Small equals reluctant

2nd June 2006 at 01:00
The scale of the challenge - how to get more small and medium-sized businesses to benefit from learndirect - was spelled out starkly in the public accounts committee report in March. The report urged training companies to work with specific sectors and employers to whet appetites.

A review on how courses can be made more suitable for business was also called for. Ufi, it concluded, needed to work with sector skills councils and the Small Business Service to extend its reach.

This is not easy territory. Big-hitting companies, with training and human resources departments, realise it's imperative to invest in staff development, but small firms can all too often let employee development slip off the agenda.

The experience of Stanley's, a family business in Birmingham's jewellery quarter, is instructive. Alison Stanley, the managing director, encouraged staff to sign up for learndirect computer courses, after a local training company called, spelling out what was on offer and how it could boost business efficiency. "It was good that they came to us and very helpful in getting people used to computers," says Ms Stanley, who employs 28 people.

"Our experience was very good," she says."It was fantastic to give people the chance to learn computer basics and more."

But, she says, her business is not using learndirect anymore, although some employees might be doing so in their own time. "The trouble is we are working flat out here. You've got to grab any contract you can at the moment."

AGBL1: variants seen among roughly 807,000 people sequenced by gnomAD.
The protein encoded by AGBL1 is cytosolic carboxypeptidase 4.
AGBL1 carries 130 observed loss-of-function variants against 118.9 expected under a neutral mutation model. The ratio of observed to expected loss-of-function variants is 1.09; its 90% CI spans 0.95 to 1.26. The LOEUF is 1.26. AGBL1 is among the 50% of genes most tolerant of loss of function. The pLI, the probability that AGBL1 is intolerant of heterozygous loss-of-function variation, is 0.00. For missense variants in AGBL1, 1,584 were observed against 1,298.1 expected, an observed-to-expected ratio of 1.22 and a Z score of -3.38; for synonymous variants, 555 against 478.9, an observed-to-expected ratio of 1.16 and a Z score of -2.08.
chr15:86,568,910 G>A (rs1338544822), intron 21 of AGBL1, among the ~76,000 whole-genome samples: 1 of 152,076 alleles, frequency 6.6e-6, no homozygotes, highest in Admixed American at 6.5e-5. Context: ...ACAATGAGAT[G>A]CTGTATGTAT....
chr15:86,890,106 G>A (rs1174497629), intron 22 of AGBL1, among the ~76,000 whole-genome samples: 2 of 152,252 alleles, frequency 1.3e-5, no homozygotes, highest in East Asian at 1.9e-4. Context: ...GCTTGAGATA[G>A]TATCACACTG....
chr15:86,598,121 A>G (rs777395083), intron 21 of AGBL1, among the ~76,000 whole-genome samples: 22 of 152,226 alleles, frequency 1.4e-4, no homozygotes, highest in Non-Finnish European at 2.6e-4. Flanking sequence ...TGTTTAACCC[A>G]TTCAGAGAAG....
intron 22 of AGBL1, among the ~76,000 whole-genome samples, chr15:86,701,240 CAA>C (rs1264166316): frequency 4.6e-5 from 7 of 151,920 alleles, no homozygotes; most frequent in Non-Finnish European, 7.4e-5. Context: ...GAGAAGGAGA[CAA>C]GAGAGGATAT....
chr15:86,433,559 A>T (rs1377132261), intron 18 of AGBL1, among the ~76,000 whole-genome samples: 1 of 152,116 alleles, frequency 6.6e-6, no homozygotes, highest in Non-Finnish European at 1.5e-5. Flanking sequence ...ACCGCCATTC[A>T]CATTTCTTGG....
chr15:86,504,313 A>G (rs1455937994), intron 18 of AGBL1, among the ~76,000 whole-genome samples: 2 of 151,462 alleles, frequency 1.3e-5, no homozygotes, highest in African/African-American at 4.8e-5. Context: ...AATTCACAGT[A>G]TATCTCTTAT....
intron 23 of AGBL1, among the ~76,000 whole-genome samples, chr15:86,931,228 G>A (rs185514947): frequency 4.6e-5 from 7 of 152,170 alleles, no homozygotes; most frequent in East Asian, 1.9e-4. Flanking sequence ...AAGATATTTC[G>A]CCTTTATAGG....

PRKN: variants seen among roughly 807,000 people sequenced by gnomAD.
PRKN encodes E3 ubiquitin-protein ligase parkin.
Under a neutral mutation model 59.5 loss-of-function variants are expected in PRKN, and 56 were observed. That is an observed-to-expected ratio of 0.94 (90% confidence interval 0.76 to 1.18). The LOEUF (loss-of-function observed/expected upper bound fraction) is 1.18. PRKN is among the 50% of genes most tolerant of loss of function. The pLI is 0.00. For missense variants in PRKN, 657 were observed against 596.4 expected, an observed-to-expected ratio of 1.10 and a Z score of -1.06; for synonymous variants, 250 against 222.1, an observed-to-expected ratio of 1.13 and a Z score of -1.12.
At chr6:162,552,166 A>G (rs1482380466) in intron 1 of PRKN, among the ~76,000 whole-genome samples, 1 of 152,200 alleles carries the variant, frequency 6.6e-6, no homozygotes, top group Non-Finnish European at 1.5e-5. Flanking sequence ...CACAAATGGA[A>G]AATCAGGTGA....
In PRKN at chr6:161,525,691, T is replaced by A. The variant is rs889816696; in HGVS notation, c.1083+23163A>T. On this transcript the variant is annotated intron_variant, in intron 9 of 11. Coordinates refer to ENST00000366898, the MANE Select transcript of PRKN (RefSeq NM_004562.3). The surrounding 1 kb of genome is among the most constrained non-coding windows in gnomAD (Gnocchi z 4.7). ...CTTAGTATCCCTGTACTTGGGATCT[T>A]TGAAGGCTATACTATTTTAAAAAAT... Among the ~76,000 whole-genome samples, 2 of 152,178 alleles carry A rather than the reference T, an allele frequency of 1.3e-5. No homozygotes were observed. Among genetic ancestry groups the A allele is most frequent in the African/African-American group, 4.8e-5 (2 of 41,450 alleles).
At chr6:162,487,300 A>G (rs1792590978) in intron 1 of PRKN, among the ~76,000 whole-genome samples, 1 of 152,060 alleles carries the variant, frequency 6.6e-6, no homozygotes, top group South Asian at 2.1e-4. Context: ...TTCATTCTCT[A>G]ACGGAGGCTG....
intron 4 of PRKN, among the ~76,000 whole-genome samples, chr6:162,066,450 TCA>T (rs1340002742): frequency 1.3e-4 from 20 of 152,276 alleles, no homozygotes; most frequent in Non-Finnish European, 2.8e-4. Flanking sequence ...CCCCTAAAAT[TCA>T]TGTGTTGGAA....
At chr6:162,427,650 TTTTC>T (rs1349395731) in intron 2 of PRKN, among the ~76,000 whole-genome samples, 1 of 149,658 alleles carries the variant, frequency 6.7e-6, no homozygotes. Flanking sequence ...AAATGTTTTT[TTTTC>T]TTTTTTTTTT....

Recently, the same training company asked if any Stanley staff would be interested in taking an NVQ in customer care. "It might well pay off for us," Ms Stanley agrees. "But, though it might well be a good idea, we can't really afford the time for it."

Convincing Britain's small businesses to make use of learndirect will not be a walkover. The strategy stands the best chance if training companies get across the message that investing in staff can boost profits and productivity.

Subscribe to get access to the content on this page.

If you are already a Tes/ Tes Scotland subscriber please log in with your username or email address to get full access to our back issues, CPD library and membership plus page.

Not a subscriber? Find out more about our subscription offers.
Subscribe now
Existing subscriber?
Enter subscription number

Comments

The guide by your side – ensuring you are always up to date with the latest in education.

Get Tes magazine online and delivered to your door. Stay up to date with the latest research, teacher innovation and insight, plus classroom tips and techniques with a Tes magazine subscription.
With a Tes magazine subscription you get exclusive access to our CPD library. Including our New Teachers’ special for NQTS, Ed Tech, How to Get a Job, Trip Planner, Ed Biz Special and all Tes back issues.

Subscribe now